that an orator should be a good man

It is to be further considered that the mind cannot be in a condition for pursuing the most noble of studies unless it is entirely free from vice, not only because there can be no communion of good and evil in the same breast, and to meditate at once on the best things and the worst is no more in the power of the same mind than it is possible for the same man to be at once virtuous and vicious, 5. but also because a mind intent on so arduous a study should be exempt from all other cares, even such as are unconnected with vice. For then, and then only, when it is free and master of itself, and when no other object harasses and distracts its attention, will it be able to keep in view the end to which it is devoted. 6. But if an inordinate attention to an estate, a too anxious pursuit of wealth, indulgence in the pleasures of hunting, and the devotion of our days to public spectacles rob our studies of much of our time (for whatever time is given to one thing is lost to another), what effect must we suppose that ambition, avarice, and envy will produce, whose excitements are so violent as even to disturb our sleep and our dreams? 7. Nothing indeed is so preoccupied, so unsettled, so torn and lacerated with such numerous and various passions as a bad mind, for when it intends evil, it is agitated with hope, care, and anxiety, and when it has attained the object of its wickedness, it is tormented with uneasiness, repentance, and the dread of every kind of punishment. Among such disquietudes, what place is there for study or any rational pursuit? No more certainly than there is for corn in a field overrun with thorns and brambles.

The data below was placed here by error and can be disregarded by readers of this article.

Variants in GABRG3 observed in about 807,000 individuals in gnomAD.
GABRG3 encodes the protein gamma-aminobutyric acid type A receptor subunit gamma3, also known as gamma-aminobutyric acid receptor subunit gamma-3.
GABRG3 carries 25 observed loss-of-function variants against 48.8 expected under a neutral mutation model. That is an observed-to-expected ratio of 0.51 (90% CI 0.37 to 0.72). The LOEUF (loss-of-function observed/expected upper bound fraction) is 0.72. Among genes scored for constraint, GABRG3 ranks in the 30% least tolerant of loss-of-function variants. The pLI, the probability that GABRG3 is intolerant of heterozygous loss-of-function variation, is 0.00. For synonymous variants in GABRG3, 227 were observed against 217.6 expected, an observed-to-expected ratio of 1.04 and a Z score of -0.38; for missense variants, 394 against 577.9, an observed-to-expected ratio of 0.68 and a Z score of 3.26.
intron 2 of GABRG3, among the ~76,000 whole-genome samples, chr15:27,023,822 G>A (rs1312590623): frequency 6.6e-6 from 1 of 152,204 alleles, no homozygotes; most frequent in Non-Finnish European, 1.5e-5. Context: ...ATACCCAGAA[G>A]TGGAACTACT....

via Book 12 – Chapter 1: Quintilian’s Institutes of Oratory.

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